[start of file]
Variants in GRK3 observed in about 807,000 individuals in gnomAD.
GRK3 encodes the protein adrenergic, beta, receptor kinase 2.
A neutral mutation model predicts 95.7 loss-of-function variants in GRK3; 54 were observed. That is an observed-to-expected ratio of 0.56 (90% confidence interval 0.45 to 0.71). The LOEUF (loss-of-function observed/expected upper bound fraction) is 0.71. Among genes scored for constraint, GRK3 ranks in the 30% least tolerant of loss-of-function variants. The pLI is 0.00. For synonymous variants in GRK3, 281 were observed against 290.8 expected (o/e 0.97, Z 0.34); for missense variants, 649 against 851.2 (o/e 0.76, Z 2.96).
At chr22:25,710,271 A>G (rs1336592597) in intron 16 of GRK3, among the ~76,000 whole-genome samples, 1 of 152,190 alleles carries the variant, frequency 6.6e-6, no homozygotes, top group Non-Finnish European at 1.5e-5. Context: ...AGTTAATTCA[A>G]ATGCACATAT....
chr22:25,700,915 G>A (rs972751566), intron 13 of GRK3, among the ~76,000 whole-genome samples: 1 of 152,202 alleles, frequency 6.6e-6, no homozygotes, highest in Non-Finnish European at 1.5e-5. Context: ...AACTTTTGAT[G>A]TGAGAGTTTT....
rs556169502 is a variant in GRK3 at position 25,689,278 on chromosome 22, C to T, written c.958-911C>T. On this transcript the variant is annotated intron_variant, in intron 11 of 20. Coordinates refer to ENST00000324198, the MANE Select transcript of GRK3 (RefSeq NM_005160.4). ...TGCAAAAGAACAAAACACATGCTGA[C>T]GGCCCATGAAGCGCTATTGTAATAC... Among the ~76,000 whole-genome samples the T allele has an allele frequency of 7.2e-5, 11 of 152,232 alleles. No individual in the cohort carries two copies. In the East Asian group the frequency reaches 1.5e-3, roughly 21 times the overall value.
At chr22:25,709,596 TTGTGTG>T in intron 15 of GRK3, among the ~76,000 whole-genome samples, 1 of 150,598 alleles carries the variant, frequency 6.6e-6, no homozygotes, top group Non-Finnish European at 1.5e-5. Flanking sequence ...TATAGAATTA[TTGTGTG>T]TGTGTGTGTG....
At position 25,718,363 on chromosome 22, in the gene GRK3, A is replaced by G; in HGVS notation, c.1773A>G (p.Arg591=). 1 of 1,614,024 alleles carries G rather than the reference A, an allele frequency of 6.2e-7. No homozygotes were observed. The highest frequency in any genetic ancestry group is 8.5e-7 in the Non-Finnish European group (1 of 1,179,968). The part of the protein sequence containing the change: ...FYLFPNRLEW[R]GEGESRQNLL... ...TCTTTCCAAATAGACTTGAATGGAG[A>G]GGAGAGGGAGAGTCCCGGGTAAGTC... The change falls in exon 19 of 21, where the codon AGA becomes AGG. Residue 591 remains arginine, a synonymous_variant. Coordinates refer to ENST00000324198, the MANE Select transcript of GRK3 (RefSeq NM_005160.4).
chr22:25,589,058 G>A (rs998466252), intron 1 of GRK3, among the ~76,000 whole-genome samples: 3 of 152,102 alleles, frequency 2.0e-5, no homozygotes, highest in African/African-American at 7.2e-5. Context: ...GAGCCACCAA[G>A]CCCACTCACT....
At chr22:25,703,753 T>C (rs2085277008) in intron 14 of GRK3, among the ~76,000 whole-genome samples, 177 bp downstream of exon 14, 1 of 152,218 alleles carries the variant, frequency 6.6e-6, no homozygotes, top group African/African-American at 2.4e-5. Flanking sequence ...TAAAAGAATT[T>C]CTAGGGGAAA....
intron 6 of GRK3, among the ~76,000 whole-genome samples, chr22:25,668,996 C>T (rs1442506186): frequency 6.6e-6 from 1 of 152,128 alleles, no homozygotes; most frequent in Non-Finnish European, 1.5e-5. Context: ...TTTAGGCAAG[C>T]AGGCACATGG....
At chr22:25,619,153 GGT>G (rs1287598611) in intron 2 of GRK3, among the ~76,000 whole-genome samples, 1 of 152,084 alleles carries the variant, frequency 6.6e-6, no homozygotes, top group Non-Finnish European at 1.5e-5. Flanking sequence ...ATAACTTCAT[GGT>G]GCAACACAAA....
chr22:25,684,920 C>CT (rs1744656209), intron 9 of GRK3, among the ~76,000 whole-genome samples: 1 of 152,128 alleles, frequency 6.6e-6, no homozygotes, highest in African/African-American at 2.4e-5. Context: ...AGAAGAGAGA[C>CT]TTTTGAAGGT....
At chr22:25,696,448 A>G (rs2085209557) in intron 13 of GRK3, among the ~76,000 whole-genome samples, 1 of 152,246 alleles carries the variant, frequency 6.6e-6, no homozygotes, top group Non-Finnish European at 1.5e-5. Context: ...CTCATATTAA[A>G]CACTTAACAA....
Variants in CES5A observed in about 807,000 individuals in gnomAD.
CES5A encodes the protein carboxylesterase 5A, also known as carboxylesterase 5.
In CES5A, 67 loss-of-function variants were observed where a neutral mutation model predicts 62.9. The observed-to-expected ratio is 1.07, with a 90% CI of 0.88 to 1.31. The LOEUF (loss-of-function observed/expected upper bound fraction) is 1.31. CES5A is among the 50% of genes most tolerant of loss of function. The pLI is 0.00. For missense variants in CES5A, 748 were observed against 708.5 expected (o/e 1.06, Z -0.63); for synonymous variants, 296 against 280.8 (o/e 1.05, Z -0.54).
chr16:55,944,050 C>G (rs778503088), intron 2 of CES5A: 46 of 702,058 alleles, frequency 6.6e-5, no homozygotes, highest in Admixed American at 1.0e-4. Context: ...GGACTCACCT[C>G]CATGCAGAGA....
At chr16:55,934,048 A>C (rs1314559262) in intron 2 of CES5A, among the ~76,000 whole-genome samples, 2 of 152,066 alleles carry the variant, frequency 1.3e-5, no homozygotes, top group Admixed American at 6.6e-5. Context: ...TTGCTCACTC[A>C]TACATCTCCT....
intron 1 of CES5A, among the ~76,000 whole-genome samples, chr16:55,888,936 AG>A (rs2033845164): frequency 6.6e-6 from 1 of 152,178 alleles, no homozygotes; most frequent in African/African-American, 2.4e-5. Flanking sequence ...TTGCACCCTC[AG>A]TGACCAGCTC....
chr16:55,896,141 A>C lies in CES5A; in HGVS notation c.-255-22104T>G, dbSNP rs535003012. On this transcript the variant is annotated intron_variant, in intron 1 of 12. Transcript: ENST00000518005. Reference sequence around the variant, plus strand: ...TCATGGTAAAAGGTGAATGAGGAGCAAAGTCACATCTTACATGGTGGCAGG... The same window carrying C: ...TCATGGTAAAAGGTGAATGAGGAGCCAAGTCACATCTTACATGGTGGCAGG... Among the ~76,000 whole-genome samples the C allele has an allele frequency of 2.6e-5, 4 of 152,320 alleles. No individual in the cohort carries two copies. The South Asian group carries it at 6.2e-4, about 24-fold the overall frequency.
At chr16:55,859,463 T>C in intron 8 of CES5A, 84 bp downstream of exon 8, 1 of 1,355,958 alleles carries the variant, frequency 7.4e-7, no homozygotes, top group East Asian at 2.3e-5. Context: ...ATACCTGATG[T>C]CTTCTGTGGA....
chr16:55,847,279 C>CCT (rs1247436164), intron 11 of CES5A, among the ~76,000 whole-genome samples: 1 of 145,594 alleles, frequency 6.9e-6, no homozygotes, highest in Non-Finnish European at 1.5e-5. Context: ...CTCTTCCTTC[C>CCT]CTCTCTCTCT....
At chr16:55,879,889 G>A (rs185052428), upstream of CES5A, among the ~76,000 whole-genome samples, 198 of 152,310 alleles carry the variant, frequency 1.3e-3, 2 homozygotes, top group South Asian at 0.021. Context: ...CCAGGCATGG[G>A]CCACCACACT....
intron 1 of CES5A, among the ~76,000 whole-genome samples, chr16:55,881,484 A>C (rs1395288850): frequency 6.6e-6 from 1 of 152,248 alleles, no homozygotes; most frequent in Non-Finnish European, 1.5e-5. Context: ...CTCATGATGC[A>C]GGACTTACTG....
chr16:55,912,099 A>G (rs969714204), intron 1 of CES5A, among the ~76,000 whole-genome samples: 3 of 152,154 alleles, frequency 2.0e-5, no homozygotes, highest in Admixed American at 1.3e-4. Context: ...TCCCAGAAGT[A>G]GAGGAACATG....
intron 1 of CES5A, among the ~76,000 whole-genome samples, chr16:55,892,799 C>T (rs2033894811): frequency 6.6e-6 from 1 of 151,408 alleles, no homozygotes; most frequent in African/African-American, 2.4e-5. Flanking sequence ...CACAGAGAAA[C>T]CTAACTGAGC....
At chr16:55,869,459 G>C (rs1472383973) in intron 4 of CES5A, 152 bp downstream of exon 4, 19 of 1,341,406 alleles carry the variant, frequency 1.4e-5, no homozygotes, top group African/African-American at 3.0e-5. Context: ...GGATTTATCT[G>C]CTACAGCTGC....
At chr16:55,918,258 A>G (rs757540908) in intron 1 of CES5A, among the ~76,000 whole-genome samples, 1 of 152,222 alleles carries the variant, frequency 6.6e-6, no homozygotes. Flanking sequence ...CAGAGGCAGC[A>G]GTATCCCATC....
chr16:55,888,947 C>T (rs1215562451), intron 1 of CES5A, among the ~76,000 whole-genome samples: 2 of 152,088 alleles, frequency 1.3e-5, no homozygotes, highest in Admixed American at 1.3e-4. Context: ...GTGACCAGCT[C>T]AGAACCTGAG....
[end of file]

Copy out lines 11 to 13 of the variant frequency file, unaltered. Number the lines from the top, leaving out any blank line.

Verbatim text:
intron 6 of GRK3, among the ~76,000 whole-genome samples, chr22:25,668,996 C>T (rs1442506186): frequency 6.6e-6 from 1 of 152,128 alleles, no homozygotes; most frequent in Non-Finnish European, 1.5e-5. Context: ...TTTAGGCAAG[C>T]AGGCACATGG....
At chr22:25,619,153 GGT>G (rs1287598611) in intron 2 of GRK3, among the ~76,000 whole-genome samples, 1 of 152,084 alleles carries the variant, frequency 6.6e-6, no homozygotes, top group Non-Finnish European at 1.5e-5. Flanking sequence ...ATAACTTCAT[GGT>G]GCAACACAAA....
chr22:25,684,920 C>CT (rs1744656209), intron 9 of GRK3, among the ~76,000 whole-genome samples: 1 of 152,128 alleles, frequency 6.6e-6, no homozygotes, highest in African/African-American at 2.4e-5. Context: ...AGAAGAGAGA[C>CT]TTTTGAAGGT....